directly? What does a "delimiter" mean for your particular console?

    Or are you just printing it for the fun of it, and the real purpose is
    for further processing, which will not go to the console?

    What kind of things will it be separating? (strings, bytes ?) Clearly
    you originally picked it as something unlikely to occur in those elements.

    When those things are combined with a separator between, how are the
    results going to be used? Saved to a file? Printed to console? What?

    --

    DaveA
    Dave Angel, Nov 9, 2012
    #4
  5. danielk

    danielk Guest

    On Friday, November 9, 2012 12:48:05 PM UTC-5, Dave Angel wrote:
    > On 11/09/2012 12:17 PM, danielk wrote:
    >
    > > I'm converting an application to Python 3. The app works fine on Python2.

    >
    > >

    >
    > > Simply put, this simple one-liner:

    >
    > >

    >
    > > print(chr(254))

    >
    > >

    >
    > > errors out with:

    >
    > >

    >
    > > Traceback (most recent call last):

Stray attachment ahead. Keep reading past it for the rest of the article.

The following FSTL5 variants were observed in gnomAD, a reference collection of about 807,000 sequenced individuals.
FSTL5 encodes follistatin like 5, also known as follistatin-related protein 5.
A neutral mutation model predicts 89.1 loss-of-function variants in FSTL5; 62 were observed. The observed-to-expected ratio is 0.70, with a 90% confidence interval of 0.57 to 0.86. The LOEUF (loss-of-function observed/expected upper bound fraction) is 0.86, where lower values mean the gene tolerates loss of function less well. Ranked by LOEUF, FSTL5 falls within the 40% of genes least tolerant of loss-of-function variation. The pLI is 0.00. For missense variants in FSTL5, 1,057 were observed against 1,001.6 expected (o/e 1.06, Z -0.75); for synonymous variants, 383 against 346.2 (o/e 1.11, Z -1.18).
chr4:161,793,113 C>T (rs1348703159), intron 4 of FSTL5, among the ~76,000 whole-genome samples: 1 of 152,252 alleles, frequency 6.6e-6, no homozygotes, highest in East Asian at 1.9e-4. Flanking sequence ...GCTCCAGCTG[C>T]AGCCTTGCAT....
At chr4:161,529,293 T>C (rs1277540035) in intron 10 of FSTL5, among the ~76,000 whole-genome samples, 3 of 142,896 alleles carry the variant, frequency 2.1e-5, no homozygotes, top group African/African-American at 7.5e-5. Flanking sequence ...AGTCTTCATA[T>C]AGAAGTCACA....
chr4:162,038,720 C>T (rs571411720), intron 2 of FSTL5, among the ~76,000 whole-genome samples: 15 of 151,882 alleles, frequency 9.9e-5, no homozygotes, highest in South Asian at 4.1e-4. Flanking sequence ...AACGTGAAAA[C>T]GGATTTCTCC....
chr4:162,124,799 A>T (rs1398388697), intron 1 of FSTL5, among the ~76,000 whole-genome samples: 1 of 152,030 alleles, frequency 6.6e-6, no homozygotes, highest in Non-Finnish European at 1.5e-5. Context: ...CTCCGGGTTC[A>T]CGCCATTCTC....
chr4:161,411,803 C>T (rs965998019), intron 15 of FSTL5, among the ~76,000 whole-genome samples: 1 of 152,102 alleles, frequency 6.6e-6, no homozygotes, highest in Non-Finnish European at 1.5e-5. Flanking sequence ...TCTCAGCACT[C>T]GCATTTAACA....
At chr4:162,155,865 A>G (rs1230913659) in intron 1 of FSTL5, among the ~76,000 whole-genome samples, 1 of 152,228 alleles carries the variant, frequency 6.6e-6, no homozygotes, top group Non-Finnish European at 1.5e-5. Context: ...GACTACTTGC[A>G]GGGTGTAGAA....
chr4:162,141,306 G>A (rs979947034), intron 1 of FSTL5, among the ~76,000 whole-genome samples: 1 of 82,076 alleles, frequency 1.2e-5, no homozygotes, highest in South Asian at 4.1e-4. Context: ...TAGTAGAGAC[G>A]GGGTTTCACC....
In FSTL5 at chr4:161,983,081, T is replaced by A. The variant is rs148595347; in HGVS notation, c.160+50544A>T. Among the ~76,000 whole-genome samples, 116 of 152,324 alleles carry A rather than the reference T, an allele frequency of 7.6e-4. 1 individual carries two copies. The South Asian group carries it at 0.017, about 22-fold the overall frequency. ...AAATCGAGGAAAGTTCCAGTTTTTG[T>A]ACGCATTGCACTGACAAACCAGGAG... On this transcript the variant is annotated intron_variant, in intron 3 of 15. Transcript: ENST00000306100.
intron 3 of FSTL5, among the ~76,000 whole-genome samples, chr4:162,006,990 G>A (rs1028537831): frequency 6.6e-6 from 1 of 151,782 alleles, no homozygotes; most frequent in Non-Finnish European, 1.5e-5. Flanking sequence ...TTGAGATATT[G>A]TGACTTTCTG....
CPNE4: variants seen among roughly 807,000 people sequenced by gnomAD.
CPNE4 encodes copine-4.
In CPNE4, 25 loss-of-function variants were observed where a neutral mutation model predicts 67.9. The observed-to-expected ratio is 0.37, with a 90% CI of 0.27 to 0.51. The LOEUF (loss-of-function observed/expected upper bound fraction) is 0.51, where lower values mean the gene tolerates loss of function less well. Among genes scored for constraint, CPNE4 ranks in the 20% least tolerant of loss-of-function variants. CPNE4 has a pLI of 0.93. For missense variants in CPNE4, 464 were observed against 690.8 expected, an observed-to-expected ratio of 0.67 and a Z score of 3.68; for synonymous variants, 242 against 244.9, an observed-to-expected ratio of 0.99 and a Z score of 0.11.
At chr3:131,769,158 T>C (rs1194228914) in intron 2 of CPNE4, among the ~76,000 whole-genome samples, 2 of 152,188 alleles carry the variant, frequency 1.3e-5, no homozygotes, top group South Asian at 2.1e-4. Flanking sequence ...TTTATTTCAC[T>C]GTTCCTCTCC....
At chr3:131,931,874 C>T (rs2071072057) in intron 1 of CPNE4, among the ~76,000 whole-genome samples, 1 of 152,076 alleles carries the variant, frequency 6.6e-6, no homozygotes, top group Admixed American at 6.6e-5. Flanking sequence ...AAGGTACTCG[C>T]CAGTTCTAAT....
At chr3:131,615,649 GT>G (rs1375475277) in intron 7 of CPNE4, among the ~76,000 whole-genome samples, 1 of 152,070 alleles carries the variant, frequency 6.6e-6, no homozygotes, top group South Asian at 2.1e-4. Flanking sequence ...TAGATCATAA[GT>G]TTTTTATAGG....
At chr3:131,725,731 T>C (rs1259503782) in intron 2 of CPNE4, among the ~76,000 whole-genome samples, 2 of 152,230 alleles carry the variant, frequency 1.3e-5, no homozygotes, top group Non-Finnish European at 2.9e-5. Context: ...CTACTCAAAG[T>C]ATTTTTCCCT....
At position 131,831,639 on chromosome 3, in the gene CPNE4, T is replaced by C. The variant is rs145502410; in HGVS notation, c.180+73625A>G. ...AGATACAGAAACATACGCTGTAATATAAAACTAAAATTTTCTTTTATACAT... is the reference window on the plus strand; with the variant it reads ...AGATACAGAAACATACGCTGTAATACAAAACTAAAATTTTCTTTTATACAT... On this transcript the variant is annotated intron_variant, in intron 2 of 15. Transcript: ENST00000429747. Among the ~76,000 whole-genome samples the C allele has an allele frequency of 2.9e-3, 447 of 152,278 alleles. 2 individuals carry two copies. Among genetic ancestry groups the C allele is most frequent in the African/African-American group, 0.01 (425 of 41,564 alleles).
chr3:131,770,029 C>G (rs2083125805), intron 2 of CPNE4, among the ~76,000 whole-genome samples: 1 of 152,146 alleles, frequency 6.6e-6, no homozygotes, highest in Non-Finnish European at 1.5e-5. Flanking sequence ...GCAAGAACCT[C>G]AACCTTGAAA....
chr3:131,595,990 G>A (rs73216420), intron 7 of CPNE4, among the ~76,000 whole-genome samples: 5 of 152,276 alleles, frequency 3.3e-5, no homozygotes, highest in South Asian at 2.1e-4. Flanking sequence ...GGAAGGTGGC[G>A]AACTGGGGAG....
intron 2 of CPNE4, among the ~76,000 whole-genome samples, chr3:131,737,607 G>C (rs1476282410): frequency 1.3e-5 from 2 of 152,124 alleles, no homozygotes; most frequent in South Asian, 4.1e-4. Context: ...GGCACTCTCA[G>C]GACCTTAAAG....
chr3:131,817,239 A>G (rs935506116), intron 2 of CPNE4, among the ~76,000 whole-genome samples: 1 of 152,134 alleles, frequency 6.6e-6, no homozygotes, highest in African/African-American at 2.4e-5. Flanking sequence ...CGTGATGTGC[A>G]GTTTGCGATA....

>
    > > File "D:\home\python\tst.py", line 1, in <module>

    >
    > > print(chr(254))

    >
    > > File "C:\Python33\lib\encodings\cp437.py", line 19, in encode

    >
    > > return codecs.charmap_encode(input,self.errors,encoding_map)[0]

    >
    > > UnicodeEncodeError: 'charmap' codec can't encode character '\xfe' in position 0: character maps to <undefined>

    >
    > >

    >
    > > I'm using this character as a delimiter in my application.

    >
    > >

    >
    > > What do I have to do to convert this string so that it does not error out?

    >
    >
    >
    > What character do you want? What characters do your console handle
    >
    > directly? What does a "delimiter" mean for your particular console?
    >
    >
    >
    > Or are you just printing it for the fun of it, and the real purpose is
    >
    > for further processing, which will not go to the console?
    >
    >
    >
    > What kind of things will it be separating? (strings, bytes ?) Clearly
    >
    > you originally picked it as something unlikely to occur in those elements..
    >
    >
    >
    > When those things are combined with a separator between, how are the
    >
    > results going to be used? Saved to a file? Printed to console? What?